France's prime minister scrambled Wednesday to dispel concerns in the Jewish and Muslim communities after criticizing the ritual slaughter of animals for kosher and halal meat.
Halal meat in particular has emerged as a hot-button issue in the campaign for presidential elections starting next month in France, a country with at least 5 million Muslims, the largest such population in western Europe.
Francois Fillon's call for religions to "reflect" upon what he called outdated traditions has fed a hyper-charged political atmosphere. His boss, conservative President Nicolas Sarkozy, has openly courted far right voters in hopes of boosting his lagging chances of re-election, with digs at Muslim practices and calls to shrink immigration.
But for many, Fillon's comments went too far. He hosted Jewish leaders Wednesday and was expected to meet with Muslim leaders Thursday in what appeared to be an attempt to ease concerns about his comments on French radio this week.
The Jewish leaders he met with Wednesday said Fillon assured them that Judaism wasn't targeted, but insisted they would keep an eye on government policy. France also has a large Jewish community, estimated at about half a million.
Most French are Roman Catholic by heritage, and many French holidays and traditions are linked to Christianity. But for a century the government has professed allegiance to a strict separation of church and state.
It was in the name of this official secularism that Sarkozy _ and many French people _ backed a 2010 law banning the face-covering Islamic veil such as the niqab or burqa in all public space in France. France also bans the Islamic headscarf and other obvious religious symbols from public schools.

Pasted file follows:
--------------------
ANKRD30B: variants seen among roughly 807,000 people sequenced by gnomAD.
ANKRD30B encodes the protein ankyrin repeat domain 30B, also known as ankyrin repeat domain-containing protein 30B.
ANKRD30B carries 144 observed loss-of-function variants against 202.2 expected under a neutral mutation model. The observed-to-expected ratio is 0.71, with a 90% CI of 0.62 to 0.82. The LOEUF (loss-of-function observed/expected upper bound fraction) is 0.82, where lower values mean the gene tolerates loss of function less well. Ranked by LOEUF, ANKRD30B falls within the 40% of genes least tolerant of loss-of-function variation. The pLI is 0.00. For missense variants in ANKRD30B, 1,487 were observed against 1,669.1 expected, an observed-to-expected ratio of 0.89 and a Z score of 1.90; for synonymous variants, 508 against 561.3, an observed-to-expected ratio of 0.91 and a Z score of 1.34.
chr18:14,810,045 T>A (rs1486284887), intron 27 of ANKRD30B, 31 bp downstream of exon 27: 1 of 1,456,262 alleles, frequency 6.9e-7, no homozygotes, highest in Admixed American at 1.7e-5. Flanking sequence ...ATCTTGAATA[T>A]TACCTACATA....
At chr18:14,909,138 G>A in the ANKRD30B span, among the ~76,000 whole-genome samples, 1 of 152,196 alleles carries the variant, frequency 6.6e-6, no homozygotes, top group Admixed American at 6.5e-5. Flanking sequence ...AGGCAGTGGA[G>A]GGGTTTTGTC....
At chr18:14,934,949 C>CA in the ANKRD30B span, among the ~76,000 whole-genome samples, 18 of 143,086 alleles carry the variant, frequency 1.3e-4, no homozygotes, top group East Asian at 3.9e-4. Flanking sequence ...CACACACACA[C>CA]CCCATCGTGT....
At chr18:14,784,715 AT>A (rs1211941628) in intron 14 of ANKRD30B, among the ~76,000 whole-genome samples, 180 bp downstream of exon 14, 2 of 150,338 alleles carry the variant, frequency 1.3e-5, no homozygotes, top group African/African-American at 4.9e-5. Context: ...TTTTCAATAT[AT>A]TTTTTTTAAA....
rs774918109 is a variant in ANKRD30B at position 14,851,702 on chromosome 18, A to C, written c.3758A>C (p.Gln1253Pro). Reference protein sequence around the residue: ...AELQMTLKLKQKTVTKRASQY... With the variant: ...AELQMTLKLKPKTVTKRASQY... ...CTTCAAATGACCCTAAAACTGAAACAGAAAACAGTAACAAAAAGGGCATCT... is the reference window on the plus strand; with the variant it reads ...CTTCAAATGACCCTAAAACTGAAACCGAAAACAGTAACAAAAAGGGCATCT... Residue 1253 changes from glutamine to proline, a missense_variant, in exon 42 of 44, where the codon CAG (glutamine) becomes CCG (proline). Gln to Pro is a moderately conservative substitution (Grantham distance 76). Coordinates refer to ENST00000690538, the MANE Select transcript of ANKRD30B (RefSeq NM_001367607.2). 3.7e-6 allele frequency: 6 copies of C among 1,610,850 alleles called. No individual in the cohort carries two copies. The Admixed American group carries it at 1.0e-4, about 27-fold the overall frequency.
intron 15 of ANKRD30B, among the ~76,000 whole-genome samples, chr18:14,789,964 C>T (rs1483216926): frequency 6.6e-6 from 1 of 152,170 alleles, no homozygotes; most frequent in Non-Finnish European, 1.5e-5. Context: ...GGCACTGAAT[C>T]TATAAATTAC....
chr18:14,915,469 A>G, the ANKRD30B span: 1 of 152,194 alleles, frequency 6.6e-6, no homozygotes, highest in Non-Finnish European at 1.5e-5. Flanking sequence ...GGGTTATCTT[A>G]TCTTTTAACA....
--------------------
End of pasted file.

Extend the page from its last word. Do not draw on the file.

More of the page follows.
Polls suggest Sarkozy is facing an uphill battle against front-runner Socialist Francois Hollande for the elections, to be conducted in two rounds April 22 and May 6.
Sarkozy has been upfront about trying to lure votes from the far right National Front's candidate Marine Le Pen, who shows in a strong third place in polls and whose father made it into the 2002 presidential election runoff.
Sarkozy hit a nationalist note with his first big campaign rally last month and has continued the theme since. On Saturday, he criticized special indulgences for halal meat in schools or separate swimming hours for Muslim women in public pools.
"There is no place in the republic for xenophobia, there is no place for racism. ... There is no place for pools with hours for men and hours for women," Sarkozy told a rally in Bordeaux.
On Tuesday he called for halving the number of immigrants who come to France each year. Many immigrants are from largely Muslim former French colonies in Africa.
"I think that in order to relaunch integration under favorable circumstances, we need to divide by two the number of people that we welcome (to France). So to go from 180,000 to 100,000," he said.
Hollande has proposed more generous measures toward immigrants, including allowing all foreigners residing in France legally for five years to have the right to vote in local elections.
Ritual slaughter according to Jewish and Muslim traditions has caused political debate elsewhere in Europe as well.
In the Netherlands, the lower house of parliament approved a ban last year on the traditional method of cutting the animal's throat without stunning it first. Animal rights groups and a large anti-Islam political party _ and a majority of Dutch voters _ supported the bill. But after an outcry that the ban would violate religious freedoms, support evaporated when the bill was sent to the upper house.